Significantly, the new law establishes a rebuttable presumption of unlawful retaliation for any adverse employment action occurring within 30 days of an employee engaging in certain protected activity.  The new law defines “protected activity” broadly as: (1) filing a complaint with the Labor Commissioner for violations of this new law; (2) cooperating with an investigation or prosecution of a violation of this law; or (3) opposing an employer’s policy, practice, or act that violates this law.  The Labor Commissioner is charged with the law’s enforcement and regulation.  Upon finding a violation, the Labor Commissioner may order “any appropriate relief” including reinstatement, backpay, payment of unlawfully withheld sick days, administrative penalties, and enforcement fines payable to the state.  The law also authorizes the Labor Commissioner or the Attorney General to institute a civil action, on behalf of aggrieved employees, to seek as penalties reinstatement, backpay, administrative penalties, liquidated damages, and reasonable attorney’s fees. 


Compliance with this New Law


California employers should update their sick leave and record-retention policies to ensure compliance with this new law.  California employers must also ensure that their employee wage statements for California employees comply with the new notice requirements.  California employers should revise their employee handbooks to comply with this new paid sick leave law, including “caps” on accrual, as non-compliant handbook language may be used to prove a violation. 


New Anti-Discrimination Based on Absence of California Driver’s License Number Law


On September 17, 2014, Governor Brown signed into law AB 1660, which prohibits employers from discriminating against applicants and employees without valid California driver’s licenses.  See text of new law, AB 1660, codified at amended Cal. Gov’t Code § 12926, and amended Sections 1653.5, 12800.7, and 12801.9 of the Vehicle Code, relating to driver’s licenses:


Current law requires the Department of Motor Vehicles (“DMV”) to issue an original driver’s license to a person who is unable to submit satisfactory proof that the applicant’s presence in the United States is authorized under federal law if he or she meets all other qualifications for licensure and provides satisfactory proof to the department of his or her identity and California residency.  Current law also makes it a violation of law, including the Unruh Civil Rights Act, to discriminate against an individual because he or she holds or presents a driver’s license issued under these provisions.  Current law also prohibits using a driver’s license issued under these provisions as a basis for a criminal investigation, arrest, or detention in circumstances where a person whose driver’s license was not issued under these provisions would not be criminally investigated, arrested, or detained.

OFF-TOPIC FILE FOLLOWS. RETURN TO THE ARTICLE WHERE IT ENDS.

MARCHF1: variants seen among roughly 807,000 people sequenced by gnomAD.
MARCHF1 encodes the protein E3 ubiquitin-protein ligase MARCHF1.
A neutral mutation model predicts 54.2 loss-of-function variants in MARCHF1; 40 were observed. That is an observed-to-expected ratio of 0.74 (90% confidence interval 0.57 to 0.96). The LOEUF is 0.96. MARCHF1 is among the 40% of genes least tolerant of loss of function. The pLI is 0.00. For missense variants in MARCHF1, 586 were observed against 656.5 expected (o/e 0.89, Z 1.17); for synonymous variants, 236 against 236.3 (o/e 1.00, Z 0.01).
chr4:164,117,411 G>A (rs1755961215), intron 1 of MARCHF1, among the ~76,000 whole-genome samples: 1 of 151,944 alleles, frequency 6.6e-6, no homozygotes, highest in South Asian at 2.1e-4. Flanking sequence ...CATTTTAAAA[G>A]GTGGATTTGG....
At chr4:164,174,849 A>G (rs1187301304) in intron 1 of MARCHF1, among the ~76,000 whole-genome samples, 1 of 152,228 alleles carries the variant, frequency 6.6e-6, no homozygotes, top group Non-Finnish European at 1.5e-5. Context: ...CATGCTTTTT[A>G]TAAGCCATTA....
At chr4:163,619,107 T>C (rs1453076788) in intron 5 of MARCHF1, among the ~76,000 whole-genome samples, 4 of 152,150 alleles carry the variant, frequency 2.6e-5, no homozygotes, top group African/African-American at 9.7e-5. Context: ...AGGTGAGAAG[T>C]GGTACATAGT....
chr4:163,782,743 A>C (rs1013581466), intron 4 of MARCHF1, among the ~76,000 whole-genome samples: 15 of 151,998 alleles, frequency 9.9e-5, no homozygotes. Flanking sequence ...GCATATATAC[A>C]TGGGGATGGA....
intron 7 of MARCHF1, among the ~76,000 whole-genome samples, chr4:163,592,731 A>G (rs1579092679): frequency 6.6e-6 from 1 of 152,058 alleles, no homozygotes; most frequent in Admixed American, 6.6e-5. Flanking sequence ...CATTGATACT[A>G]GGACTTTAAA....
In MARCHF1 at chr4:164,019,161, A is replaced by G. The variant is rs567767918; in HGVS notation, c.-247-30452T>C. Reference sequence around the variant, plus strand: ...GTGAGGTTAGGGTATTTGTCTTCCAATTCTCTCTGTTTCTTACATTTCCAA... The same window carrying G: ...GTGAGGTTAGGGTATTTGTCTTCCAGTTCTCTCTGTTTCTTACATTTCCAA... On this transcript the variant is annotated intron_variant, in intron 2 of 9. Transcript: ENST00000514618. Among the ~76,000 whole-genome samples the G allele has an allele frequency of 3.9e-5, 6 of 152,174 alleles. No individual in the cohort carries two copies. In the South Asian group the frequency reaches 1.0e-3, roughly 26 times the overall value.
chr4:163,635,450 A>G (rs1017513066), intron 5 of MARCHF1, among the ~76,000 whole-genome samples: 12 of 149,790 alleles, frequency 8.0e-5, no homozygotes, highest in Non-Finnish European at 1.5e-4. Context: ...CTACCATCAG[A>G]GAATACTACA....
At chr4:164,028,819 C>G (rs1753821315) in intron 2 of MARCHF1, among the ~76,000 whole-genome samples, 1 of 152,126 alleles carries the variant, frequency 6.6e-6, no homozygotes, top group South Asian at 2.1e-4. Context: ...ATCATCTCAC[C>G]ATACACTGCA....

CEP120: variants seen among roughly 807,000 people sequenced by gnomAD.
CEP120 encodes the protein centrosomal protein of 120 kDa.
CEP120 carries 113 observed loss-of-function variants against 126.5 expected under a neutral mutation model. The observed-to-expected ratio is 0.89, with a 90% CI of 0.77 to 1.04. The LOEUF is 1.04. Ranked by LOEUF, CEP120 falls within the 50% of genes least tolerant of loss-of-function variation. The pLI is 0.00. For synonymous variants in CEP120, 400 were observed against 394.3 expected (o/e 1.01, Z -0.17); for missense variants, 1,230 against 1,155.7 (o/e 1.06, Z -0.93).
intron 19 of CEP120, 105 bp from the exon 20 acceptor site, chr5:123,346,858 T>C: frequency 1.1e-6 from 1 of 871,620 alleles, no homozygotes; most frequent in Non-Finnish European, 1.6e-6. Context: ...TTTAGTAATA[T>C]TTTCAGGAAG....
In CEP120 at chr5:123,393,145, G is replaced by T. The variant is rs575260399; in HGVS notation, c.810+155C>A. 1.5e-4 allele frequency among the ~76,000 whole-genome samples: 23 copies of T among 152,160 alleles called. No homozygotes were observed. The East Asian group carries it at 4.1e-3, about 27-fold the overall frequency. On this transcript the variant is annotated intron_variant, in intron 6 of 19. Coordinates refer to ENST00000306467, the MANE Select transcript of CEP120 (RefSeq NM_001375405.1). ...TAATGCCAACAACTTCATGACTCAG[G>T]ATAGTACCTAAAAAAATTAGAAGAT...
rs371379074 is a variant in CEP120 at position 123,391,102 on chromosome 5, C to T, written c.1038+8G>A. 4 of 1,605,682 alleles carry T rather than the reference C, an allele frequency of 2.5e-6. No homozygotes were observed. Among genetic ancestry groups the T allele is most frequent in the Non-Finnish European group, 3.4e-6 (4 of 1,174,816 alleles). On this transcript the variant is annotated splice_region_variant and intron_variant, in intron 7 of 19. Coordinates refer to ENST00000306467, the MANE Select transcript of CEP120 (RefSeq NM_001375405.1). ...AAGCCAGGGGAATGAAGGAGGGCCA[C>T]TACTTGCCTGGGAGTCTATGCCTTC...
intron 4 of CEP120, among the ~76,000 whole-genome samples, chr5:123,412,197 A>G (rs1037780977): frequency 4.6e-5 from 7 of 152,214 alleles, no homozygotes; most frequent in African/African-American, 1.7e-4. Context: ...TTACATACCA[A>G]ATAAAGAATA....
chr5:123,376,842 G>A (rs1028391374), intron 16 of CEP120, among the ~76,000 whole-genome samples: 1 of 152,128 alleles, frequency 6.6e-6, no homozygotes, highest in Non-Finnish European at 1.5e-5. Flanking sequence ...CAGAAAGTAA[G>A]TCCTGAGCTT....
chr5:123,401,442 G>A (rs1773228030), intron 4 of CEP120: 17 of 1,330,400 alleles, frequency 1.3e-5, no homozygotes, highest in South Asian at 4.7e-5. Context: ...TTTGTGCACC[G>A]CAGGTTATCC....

This new law additionally makes it a violation of the California Fair Housing and Employment Act (“FEHA”) for an employer or other covered entity to discriminate against an individual because he or she holds or presents a driver’s license issued under these provisions or to require a person to present a driver’s license, except as specified.  The law amends the FEHA to specify that discrimination on the basis of national origin includes discrimination on the basis of possessing a driver’s license granted under these provisions.  The new law also prohibits a governmental authority, or agent of a governmental authority, or person acting on behalf of a governmental authority, from discriminating against an individual because he or she holds or presents a license issued pursuant to those provisions.  The law provides an exception for actions taken by an employer to comply with any requirement or prohibition under the federal Immigration and Nationality Act, which do not violate new law.


This new law also makes the prohibition against using a driver’s license issued under those provisions as a basis for an investigation, arrest, or detention apply to citations and also apply regardless of whether the investigation, arrest, citation, or detention is criminal.   Additionally, this new law prohibits the DMV from disclosing to the public the information it obtains regarding the ineligibility of an applicant for a social security number, except as specified.  The law provides that any document provided by an applicant to the DMV for purposes of proving his or her identity, true, full name, or California residency, or that the applicant’s presence in the United States is authorized under federal law, is not a public record.  The law also makes driver’s license information obtained by an employer exempt from disclosure under the California Public Records Act.


Employers should take note of the new law and take proactive steps to ensure that managers and human resources personnel do not insist on valid California driver’s license, or discriminate against applicants and employees who possess the alternative California driver’s licenses approved by the DMV.